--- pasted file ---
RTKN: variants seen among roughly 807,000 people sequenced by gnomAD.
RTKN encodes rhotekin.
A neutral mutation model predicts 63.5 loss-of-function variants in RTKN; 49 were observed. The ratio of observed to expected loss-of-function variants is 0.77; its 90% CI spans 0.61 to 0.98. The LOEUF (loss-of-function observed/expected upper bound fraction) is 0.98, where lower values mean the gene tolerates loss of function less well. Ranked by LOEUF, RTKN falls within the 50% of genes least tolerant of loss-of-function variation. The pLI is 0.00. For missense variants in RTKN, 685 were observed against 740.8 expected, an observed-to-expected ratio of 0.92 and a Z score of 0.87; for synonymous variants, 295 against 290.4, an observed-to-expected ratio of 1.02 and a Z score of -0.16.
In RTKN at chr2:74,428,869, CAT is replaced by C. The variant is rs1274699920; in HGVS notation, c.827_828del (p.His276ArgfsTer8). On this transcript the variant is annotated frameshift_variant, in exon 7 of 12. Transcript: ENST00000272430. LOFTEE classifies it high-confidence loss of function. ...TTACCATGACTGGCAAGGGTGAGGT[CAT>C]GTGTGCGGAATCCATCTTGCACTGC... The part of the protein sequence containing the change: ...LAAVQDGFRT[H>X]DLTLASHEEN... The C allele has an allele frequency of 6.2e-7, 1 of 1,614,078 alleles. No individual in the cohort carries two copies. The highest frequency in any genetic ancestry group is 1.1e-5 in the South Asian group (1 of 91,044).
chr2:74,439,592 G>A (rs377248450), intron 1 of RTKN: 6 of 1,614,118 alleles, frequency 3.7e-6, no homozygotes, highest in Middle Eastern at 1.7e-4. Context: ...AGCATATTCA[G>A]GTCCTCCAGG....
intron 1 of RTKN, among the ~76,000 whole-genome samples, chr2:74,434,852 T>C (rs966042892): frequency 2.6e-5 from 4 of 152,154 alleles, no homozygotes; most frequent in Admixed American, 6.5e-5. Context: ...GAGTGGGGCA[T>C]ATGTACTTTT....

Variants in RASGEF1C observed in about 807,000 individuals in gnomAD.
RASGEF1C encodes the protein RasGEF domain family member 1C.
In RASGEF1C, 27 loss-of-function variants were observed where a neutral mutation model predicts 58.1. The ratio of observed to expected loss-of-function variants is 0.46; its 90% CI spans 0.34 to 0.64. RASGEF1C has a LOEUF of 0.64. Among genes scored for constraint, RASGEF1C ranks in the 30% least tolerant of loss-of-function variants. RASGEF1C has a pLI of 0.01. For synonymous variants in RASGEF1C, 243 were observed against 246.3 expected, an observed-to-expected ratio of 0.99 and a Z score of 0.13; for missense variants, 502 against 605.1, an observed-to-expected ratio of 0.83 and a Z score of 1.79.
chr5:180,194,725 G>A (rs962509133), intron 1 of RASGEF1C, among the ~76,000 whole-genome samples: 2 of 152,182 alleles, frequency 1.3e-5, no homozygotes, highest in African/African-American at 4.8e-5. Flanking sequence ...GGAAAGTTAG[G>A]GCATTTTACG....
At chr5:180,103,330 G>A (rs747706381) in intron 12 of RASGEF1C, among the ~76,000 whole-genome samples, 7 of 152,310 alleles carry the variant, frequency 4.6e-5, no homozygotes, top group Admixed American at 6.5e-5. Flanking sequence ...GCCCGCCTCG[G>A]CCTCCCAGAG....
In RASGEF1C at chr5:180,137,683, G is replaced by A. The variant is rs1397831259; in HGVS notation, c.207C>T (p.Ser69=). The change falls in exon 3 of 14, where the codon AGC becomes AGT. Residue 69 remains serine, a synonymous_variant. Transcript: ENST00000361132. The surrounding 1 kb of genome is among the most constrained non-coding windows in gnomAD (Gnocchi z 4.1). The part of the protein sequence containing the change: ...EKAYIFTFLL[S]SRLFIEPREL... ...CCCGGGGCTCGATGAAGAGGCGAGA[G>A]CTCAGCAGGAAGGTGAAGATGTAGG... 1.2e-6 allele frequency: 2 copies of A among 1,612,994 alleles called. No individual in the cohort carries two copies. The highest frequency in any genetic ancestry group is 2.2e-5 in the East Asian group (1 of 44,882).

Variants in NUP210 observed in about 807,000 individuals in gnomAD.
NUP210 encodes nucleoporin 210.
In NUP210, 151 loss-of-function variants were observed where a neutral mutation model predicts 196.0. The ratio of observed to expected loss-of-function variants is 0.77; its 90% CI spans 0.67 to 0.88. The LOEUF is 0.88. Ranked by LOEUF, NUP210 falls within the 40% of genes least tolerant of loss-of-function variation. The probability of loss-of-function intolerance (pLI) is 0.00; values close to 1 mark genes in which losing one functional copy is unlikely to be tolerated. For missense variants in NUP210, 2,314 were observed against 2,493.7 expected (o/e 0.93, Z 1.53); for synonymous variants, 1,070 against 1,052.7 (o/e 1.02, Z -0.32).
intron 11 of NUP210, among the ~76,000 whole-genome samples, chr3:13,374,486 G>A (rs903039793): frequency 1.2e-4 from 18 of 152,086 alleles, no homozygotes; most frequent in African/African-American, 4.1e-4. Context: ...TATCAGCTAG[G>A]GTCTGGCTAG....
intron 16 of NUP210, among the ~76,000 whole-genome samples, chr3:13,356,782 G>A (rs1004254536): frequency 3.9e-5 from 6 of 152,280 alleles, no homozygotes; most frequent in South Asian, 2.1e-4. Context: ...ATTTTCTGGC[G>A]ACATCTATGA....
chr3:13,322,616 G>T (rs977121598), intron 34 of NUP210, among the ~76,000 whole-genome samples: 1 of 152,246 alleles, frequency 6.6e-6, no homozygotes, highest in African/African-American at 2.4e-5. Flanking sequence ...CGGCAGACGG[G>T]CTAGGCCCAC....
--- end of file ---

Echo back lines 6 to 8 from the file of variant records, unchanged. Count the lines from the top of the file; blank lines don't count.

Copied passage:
intron 1 of RTKN, among the ~76,000 whole-genome samples, chr2:74,434,852 T>C (rs966042892): frequency 2.6e-5 from 4 of 152,154 alleles, no homozygotes; most frequent in Admixed American, 6.5e-5. Context: ...GAGTGGGGCA[T>C]ATGTACTTTT....

Variants in RASGEF1C observed in about 807,000 individuals in gnomAD.
RASGEF1C encodes the protein RasGEF domain family member 1C.